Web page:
Oklahoma City, OK - (4/8/24)  “Italy’s Legendary Cowboys of the Maremma,” a photographic exhibition by San Francisco, CA artist Gabrielle Saveri, is currently enchanting viewers from all over the world at Oklahoma City’s National Cowboy & Western Heritage Museum. Saveri’s traveling showcase offers a mesmerizing glimpse into the world of the "butteri," Italy’s native cowboys, who have long inhabited the picturesque ancient region of Maremma, nestled between the historic cities of Rome and Florence.

The butteri are the cattle breeders and horsemen of Maremma, a rugged coastal region spanning from southern Tuscany to northern Lazio and along the coast of the Tyrrhenian Sea. Their origins are believed to date back to the spread of agriculture in Etruscan times.

The butteri also have a deep connection to Buffalo Bill and the American West, as well as a strong emphasis on sustainable husbandry, but their culture is now threatened. It is estimated that there are less than 30 authentic, working cowboys left in the whole region. 

Saveri, a photographer, writer and videographer, embarked on her life-changing journey to Maremma in 2013, driven by her Italian-American ancestry, a deep love of horses and her fascination with the timeless traditions of the butteri. A serendipitous encounter with a French horseman a year earlier provided her with a vital connection to the butteri community in Italy and led Saveri to the rural town of Alberese, where she was warmly welcomed into the world of the butteri.

During her inaugural visit, Saveri joined three butteri on their morning work ride through verdant olive groves and lush meadows, immersing herself in the age-old rituals of horse herding and cattle tending. Reflecting on her transformative experience, Saveri remarked, “I first heard about the butteri in the 1990s while working as a reporter in Rome. For years, I dreamed about going riding with them. I finally did it. It was one of the most beautiful things I’ve ever done. My dream finally came true!”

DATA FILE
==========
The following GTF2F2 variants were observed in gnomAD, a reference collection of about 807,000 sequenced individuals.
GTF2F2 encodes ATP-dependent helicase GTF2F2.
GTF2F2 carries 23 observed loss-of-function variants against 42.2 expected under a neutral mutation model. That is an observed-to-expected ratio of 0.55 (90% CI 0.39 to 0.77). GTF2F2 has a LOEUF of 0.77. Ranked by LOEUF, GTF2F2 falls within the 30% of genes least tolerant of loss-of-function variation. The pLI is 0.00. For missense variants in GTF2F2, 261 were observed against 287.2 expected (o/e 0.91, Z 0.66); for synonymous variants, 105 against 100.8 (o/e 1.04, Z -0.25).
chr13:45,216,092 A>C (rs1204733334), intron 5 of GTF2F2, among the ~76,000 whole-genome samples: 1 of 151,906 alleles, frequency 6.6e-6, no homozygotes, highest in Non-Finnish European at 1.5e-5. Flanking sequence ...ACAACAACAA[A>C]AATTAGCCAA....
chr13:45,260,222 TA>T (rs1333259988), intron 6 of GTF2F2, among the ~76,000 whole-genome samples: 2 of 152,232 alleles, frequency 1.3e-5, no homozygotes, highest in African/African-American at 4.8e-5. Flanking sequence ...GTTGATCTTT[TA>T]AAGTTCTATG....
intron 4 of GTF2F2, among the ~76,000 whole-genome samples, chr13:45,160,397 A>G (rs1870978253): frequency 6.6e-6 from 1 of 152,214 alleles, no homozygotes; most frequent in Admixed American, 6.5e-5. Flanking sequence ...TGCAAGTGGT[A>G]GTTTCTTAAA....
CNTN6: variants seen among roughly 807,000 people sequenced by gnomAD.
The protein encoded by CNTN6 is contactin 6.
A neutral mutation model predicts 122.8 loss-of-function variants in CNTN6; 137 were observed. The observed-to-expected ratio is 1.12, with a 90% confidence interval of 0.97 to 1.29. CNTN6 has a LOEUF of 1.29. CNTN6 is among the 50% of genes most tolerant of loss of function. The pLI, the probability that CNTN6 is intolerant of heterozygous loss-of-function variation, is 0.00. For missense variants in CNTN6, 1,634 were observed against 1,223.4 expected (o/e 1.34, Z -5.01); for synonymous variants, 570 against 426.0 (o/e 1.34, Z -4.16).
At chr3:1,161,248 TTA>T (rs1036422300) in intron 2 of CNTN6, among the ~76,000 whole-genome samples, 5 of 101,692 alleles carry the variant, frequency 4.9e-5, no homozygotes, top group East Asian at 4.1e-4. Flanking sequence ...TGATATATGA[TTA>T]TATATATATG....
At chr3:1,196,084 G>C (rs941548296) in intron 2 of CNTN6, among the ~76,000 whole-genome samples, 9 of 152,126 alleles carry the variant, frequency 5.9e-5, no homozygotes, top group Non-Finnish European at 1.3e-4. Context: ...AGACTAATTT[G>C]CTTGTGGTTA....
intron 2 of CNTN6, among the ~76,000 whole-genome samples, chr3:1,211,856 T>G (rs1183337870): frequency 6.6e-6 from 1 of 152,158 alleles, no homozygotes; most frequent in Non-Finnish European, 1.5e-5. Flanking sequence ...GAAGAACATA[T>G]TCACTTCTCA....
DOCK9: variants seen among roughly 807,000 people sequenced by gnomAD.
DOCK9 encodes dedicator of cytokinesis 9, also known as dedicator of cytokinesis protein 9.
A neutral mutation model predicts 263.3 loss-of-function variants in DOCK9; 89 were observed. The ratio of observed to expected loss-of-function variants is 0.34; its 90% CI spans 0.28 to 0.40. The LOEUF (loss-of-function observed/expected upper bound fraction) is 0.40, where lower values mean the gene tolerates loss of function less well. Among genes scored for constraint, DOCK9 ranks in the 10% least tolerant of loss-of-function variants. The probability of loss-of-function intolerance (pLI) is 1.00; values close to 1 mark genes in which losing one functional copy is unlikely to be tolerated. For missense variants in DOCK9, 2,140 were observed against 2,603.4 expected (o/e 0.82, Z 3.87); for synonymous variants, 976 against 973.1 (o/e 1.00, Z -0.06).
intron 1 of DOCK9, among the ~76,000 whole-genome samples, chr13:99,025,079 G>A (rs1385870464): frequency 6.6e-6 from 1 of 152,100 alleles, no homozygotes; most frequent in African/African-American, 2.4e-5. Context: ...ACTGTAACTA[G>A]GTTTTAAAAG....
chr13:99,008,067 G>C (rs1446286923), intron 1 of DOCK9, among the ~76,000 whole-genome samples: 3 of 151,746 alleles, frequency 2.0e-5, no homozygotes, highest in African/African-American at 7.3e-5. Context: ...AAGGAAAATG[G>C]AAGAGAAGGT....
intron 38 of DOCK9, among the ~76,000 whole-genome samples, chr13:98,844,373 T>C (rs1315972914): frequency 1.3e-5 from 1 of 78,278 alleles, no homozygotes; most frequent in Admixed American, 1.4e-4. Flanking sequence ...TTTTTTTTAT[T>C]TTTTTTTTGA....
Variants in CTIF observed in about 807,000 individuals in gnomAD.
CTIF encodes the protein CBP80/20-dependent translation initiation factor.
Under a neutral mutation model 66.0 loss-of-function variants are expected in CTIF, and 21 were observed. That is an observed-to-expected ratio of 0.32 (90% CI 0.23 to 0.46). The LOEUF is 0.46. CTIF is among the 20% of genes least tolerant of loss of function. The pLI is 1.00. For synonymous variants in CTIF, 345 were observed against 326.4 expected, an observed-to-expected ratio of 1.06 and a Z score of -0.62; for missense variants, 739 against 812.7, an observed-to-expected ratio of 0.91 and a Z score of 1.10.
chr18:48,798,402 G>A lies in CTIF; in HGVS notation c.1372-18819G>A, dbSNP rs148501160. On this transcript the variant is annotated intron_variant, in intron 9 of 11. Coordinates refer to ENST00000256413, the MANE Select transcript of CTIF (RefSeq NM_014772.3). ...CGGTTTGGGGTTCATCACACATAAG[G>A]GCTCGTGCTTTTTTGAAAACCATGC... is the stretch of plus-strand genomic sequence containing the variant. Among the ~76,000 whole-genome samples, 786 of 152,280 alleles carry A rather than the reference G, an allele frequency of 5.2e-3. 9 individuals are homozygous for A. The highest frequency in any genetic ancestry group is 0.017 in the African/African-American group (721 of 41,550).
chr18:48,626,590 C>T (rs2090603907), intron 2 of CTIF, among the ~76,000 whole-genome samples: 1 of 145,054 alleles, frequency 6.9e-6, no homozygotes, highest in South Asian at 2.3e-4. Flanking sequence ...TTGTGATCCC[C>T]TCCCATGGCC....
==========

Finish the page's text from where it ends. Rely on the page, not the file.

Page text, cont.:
Since then, Saveri has returned to Maremma every year (except during the pandemic), meticulously documenting their lives through her lens. Her award-winning, painterly photographs, characterized by bold, vibrant colors and striking compositions, offer a poignant tribute to the proud spirit of the remarkable men and women of Maremma who are now fighting to preserve their historic culture and customs.

While working on her project, Saveri learned about the social, economic and agricultural upheaval of Maremma initiated by fascist dictator Benito Mussolini's drainage of the local marshlands starting in the 1920s. That was followed more recently by several Italian recessions, changes in agricultural practices and food laws, and higher grain prices due to the war in Ukraine, all of which have irrevocably altered the physical and economic landscape of Maremma and prompted many butteri to leave the fold altogether or seek livelihoods elsewhere. 

Saveri's exhibition showcases the traditions of the butteri, some of them hearkening back to the days of Buffalo Bill, and serves as a testament to their resilience and determination to preserve their legacy for generations to come.

The National Cowboy & Western Heritage Museum’s exhibition of Saveri's vibrant images offers visitors a rare opportunity to immerse themselves in the rich tapestry of Italian cowboy culture. Through Saveri's exhibition of 29 photographs and a video installation, audiences are invited to embark on a visual odyssey through the rolling hills of Maremma, where the timeless allure of the butteri tradition beckons.

As part of their commitment to showcasing diversity, The National Cowboy & Western Heritage Museum’s has featured two exhibitions about Native American, and Black cowboys, as well as on the butteri. There are cowboys all over the world and Saveri’s exhibition helps place the butteri within a much larger global context. Recently, cowboy culture has even crossed over into modern-day pop culture due to the success of hit television programs such as "Yellowstone" and in the music industry, Beyonce's just released country album "Cowboy Carter."